Representatives Anna Eshoo and Mario Diaz-Balart and developers of the RTS,S malaria vaccine honored with GHTC Innovating for Impact Awards
The Global Health Technologies Coalition (GHTC) yesterday honored Congresswoman Anna Eshoo (D-CA) and Congressman Mario Diaz-Balart (R-FL) for their leadership in supporting global health research and development (R&D) at its 2019 Innovating for Impact Awards, an initiative celebrating the US policymakers and partnerships driving global health innovation. GHTC also recognized the partnership that developed the RTS,S malaria vaccine—the world’s first malaria vaccine—for its efforts to advance this breakthrough technology.
“I want you to know how much this means to me,” Congresswoman Eshoo said in accepting her award. “But I want to salute all of you….I draw from all of you and what you do….This genius of America will move us forward….When we succeed, when we discover, when we lead, we give hope to the entire world.” Congresswoman Eshoo, who chairs the House Energy and Commerce Health Subcommittee, was honored with a Congressional Champion Award for her instrumental role in establishing the Biomedical Advanced Research and Development Authority and for her efforts to strengthen the ecosystem in which the vital work of US health research agencies is carried out.
GHTC also recognized Congressman Diaz-Balart, who is a member of the House Appropriations Committee, with a Congressional Champion Award for his work to protect funding for global health programs and his sponsorship of the Global Health Innovation Act to support research programs at the US Agency for International Development. “Investments in global health R&D are so critical‒so critical‒to make the world not only a healthier place, but a safe place for all of us….The US leads the world in global health R&D…and it’s so important that we continue to support programs that are so essential to this field,” Congressman Diaz-Balart said in accepting his award.
GHTC presented the Partnership Award to Dr. Ashley Birkett, Director of the Malaria Vaccine Initiative at PATH, and Dr. W. Ripley Ballou, Vice President and Head of the US R&D Center, and Dr. Opokua Ofori-Anyinam, Director of Clinical Development, at GSK Vaccines, who accepted the award on behalf of the many partners who have supported the development of the RTS,S malaria vaccine. Developed through a unique product development partnership, led by GSK and PATH, with critical contributions from the US Department of Defense’s Walter Reed Army Institute of Research (WRAIR), other US agencies, and countless partners—and now in collaboration with the World Health Organization (WHO) —; RTS,S is the world’s first, and to date, only vaccine that has demonstrated it can reduce malaria in children. Over thirty years in the making, the vaccine is now undergoing pilot implementation in three sub-Saharan African countries and has the potential to substantially contribute to malaria control efforts and save tens of thousands of children’s lives.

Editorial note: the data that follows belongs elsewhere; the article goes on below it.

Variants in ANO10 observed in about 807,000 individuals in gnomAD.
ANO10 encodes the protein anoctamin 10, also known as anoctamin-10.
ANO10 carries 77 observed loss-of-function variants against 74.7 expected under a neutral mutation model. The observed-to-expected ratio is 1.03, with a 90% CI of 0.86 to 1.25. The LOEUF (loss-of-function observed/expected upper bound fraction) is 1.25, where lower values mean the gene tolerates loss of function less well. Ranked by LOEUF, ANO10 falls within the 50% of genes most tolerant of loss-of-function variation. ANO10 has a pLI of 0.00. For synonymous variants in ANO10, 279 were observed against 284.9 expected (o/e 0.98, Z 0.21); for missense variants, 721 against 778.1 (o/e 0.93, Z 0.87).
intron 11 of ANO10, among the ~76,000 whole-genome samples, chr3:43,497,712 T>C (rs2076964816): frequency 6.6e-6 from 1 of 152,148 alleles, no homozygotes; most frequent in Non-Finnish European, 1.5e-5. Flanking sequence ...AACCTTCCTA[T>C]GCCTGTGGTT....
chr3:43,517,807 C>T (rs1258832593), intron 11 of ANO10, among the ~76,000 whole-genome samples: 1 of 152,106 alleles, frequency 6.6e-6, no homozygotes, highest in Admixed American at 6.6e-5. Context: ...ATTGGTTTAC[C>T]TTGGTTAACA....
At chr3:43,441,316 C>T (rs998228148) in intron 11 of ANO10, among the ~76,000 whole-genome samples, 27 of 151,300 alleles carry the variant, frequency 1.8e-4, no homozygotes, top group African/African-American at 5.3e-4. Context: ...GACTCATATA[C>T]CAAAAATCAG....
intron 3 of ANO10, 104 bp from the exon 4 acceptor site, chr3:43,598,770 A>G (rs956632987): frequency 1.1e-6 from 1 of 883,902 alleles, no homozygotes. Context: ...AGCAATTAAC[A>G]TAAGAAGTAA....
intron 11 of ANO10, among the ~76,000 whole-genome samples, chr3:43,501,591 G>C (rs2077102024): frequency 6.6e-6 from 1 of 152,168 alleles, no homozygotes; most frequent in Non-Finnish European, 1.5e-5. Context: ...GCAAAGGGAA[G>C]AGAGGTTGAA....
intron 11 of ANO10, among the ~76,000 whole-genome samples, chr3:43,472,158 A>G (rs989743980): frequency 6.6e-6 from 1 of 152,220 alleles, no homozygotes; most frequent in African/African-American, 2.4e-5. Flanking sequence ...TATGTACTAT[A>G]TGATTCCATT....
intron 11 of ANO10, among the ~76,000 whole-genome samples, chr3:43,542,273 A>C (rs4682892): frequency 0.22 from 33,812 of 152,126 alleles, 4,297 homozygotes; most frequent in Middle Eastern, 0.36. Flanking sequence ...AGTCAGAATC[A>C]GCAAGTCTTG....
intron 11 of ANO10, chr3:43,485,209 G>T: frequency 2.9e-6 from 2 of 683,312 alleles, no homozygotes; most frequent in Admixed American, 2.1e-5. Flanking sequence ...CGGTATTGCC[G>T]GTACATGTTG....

“On behalf of PATH and our partners, we are honored to receive this award and to have contributed to advancing this important new tool to save children’s lives,” said Dr. Birkett. “A vaccine for malaria is among many innovations needed to bring an end to this devastating disease, and we proudly stand with our partners in progressing towards a malaria-free world.”
“This vaccine is the result of decades of dedication and collaboration between GSK scientists and our public and nonprofit partners to harness cutting-edge vaccine science to contribute to the fight against malaria,” said Dr. Ofori-Anyinam. “GSK is honored to be recognized alongside our partners as we continue our research to tackle one of the most pressing global health challenges.”
Dr. Ofori-Anyinam was joined onstage by Yvette Collymore, Communications Manager for the Center for Vaccine Innovation and Access at PATH; Dr. Mary Hamel, Lead of the Malaria Vaccine Implementation Programme at WHO; and Colonel Viseth Ngauy, Director of the Malaria Vaccine Branch at WRAIR, for a dialogue discussing their organizations’ contributions to advancing the RTS,S vaccine.
Attendees also heard from Dr. Carrie Wolinetz, Acting Chief of Staff and Associate Director for Science Policy at the National Institutes of Health (NIH), who delivered a keynote address on behalf of NIH Director Dr. Francis Collins who had an emergency conflict that prevented his attendance.
“GHTC is thrilled to honor Congresswoman Eshoo, Congressman Diaz-Balart, and the developers of the RTS,S malaria vaccine with our Innovating for Impact Awards,” said Jamie Bay Nishi, director of GHTC. “US leadership in global health R&D has helped fuel tremendous progress in generating new cures and vaccines to fight the world’s deadliest diseases, and we’re so delighted to recognize the outstanding work of our honorees who helped make this progress possible.”
Global health R&D is vital to conquering the world’s greatest health challenges and to building a safer, healthier world for all. Now in its third year, the Innovating for Impact Awards celebrates US commitment to global health R&D and honors the multisector partnerships and policymakers helping to transform breakthrough scientific research into lifesaving technologies for unmet global health challenges.